The more we purposely look, the more we see of the accumulating evidence of a kind of prosperity that money just can’t buy.
We recently attended the Open Studio Tour where the public is invited into artist’s studios to watch them at work. For three days, we drove from one studio to the next. This concentration awakened in us a sense that art is everywhere – even in the falling leaves. By the time we were through, we felt rich in a very real way.
Such kinds of spiritual prosperity cannot be measured in dollars, or euros or yen, because it is a state of mind that is full of gratitude. I long ago noticed that when I say I’m grateful for something, I can just as well say that I love that thing. There’s something very deep about the connection between love and gratitude – especially with Thanksgiving upon us.
Size is not a factor. We could have had a very small garden or none at all. The loveliness of love is all around us. We just need to take time out to see it.
For instance, I took a couple branches off my daughter’s indoor cactus three years go and put them in a jar of water where they have been ever since. During the summer, they dried up. I was about to toss them when I noticed a tiny bud. I rewarded them with potting.
The other day my husband said, “Your cactus is blooming.”
There on the tip of one branch was a single, fluted, orange-colored bloom. Looking closer, I saw that the whole plant is covered with buds. It’s going to be in full bloom for Thanksgiving. It’s prospering.
The point is that we don’t have to let negativity overtake our thoughts. We can draw the line against cynicism. It’s precisely in times like these that we can push against the currents of dire forecasts by being willing to see the evidence of good everywhere. We can be grateful. Our happiness is not dependent on how much “stuff” we do or do not have. We have a friend who demonstrates this every day.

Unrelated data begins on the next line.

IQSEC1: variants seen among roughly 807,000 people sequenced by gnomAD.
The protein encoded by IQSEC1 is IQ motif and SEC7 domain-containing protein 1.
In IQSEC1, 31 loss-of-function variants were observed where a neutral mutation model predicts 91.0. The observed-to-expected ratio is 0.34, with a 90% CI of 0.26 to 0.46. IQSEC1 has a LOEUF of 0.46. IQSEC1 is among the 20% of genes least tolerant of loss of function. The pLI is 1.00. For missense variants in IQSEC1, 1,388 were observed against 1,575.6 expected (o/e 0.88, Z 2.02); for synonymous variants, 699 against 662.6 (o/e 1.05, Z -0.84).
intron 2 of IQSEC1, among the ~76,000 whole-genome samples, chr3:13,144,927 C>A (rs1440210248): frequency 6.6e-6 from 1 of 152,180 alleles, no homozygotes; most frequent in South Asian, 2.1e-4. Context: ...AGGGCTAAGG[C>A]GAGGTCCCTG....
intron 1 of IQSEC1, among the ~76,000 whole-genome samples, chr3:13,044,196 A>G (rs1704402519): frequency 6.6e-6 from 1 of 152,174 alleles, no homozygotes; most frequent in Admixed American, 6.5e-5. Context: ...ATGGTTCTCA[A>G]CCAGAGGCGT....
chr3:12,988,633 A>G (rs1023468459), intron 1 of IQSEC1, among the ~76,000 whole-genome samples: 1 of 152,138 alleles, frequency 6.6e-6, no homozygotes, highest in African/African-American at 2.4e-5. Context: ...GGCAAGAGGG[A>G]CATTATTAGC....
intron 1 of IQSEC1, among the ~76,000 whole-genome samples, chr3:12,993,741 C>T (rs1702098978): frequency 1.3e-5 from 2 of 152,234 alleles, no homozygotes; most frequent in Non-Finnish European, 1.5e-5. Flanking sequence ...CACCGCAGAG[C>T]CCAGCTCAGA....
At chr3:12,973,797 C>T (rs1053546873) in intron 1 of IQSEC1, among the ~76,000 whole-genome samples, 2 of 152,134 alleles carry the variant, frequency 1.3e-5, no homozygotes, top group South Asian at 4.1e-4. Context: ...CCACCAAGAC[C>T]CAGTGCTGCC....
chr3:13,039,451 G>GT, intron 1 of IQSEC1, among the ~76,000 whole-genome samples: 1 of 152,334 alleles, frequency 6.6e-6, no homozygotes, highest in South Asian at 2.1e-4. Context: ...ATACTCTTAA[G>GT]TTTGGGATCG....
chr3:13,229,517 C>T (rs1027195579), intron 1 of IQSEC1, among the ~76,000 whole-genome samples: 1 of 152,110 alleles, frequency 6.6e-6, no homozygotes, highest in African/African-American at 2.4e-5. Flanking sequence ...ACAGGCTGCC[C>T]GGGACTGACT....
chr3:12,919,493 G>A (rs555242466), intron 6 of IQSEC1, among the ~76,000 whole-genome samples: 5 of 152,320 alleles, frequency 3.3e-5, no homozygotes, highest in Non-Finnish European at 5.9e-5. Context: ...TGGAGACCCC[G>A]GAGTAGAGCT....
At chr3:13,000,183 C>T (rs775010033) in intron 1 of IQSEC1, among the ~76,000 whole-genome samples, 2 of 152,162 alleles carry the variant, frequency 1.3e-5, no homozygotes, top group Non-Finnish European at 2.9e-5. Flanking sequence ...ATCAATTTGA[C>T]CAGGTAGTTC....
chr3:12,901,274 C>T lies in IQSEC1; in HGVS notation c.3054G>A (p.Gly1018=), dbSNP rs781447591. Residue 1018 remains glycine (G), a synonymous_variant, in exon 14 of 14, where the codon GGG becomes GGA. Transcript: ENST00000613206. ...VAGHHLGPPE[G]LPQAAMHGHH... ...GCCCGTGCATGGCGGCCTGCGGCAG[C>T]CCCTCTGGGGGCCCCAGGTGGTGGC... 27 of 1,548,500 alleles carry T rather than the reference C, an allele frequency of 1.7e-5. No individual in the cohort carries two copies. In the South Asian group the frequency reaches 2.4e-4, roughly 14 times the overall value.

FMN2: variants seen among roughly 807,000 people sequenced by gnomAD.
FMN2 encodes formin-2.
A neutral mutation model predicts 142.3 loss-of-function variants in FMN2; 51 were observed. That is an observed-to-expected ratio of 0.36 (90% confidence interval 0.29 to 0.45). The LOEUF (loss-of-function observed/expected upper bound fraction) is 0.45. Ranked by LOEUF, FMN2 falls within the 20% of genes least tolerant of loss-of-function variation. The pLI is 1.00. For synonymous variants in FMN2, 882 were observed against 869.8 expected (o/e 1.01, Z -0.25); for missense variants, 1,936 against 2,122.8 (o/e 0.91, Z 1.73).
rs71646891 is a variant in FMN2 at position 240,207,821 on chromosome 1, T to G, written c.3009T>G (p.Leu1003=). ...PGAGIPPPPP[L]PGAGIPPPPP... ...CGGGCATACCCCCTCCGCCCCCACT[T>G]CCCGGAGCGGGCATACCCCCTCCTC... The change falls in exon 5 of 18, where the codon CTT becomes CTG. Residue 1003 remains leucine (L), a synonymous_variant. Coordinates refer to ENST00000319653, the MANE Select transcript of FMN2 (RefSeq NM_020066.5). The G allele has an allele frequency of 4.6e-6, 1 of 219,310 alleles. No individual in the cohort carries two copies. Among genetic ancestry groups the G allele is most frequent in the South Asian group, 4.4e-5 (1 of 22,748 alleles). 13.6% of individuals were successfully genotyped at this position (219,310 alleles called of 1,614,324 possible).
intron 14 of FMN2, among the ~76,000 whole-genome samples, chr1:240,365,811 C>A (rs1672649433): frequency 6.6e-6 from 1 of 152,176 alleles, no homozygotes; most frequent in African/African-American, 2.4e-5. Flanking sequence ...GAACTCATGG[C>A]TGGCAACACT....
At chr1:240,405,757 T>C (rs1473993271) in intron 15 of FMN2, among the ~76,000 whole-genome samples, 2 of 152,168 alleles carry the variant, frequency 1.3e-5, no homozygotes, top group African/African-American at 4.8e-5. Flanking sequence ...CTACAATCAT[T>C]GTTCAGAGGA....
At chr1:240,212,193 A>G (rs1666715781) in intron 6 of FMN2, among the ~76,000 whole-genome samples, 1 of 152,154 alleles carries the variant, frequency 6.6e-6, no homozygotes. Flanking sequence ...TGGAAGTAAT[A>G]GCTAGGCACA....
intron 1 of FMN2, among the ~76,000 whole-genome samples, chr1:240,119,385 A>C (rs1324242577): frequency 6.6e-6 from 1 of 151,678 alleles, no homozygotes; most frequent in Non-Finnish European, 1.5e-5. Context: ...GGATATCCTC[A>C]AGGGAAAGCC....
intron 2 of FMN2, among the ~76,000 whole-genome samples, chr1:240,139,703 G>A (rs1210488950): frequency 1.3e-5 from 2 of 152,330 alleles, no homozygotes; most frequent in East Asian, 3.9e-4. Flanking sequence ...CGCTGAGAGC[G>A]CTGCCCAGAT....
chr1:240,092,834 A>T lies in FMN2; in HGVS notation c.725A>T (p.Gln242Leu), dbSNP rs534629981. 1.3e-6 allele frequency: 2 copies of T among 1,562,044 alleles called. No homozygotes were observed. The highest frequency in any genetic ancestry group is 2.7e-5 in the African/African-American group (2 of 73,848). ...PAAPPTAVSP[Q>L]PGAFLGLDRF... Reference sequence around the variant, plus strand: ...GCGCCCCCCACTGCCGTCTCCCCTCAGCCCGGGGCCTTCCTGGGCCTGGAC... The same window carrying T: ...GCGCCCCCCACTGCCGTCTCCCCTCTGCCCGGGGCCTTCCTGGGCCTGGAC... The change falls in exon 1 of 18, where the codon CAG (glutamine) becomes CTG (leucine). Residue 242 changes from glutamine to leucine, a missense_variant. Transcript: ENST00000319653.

He lost his job and has struggled through some really rough times financially. He’s got a start-up business going. Even so, it’s been a lean year. The three of us recently rode together to a meeting. Our friend was so bright, so cheerful, so positive that we could not help but be impressed.
“I just feel so prosperous,” he said excitedly. “I went to the food bank and came back with my arms full of groceries. I can get food stamps to tide me over until my first check comes in. Yesterday I was on my hands and knees looking under my bed and counting all the cans of tuna and vegetables I have. I just feel so grateful!”
After the meeting our friend offered to treat Mark and me to pizza. He’d been paid for a small job and wanted to share. And do you know what? He could afford to do that, because he was giving of his heart’s rich overflow of gratitude, and from his well-cultivated sense of abundance, happiness and prosperity.
We drove to West Seattle and sat at the beach, watching the sunset and eating pizza with our dear friend. We all felt rich and happy.
Decoupling our sense of prosperity from doleful reports on the economy can go a long way toward helping us all see the evidence of good everywhere. It seems to me that the Bhutanese people are really on to something. We don’t have to wait until we get hired, or until our ship comes in, or for the economy to change. While we wait for all that to happen we can have our eyes wide open to those things that make us feel prosperous, happy and grateful to be alive – right now. And that’s a lot to be thankful for every day.
© 2011 Judy Spiers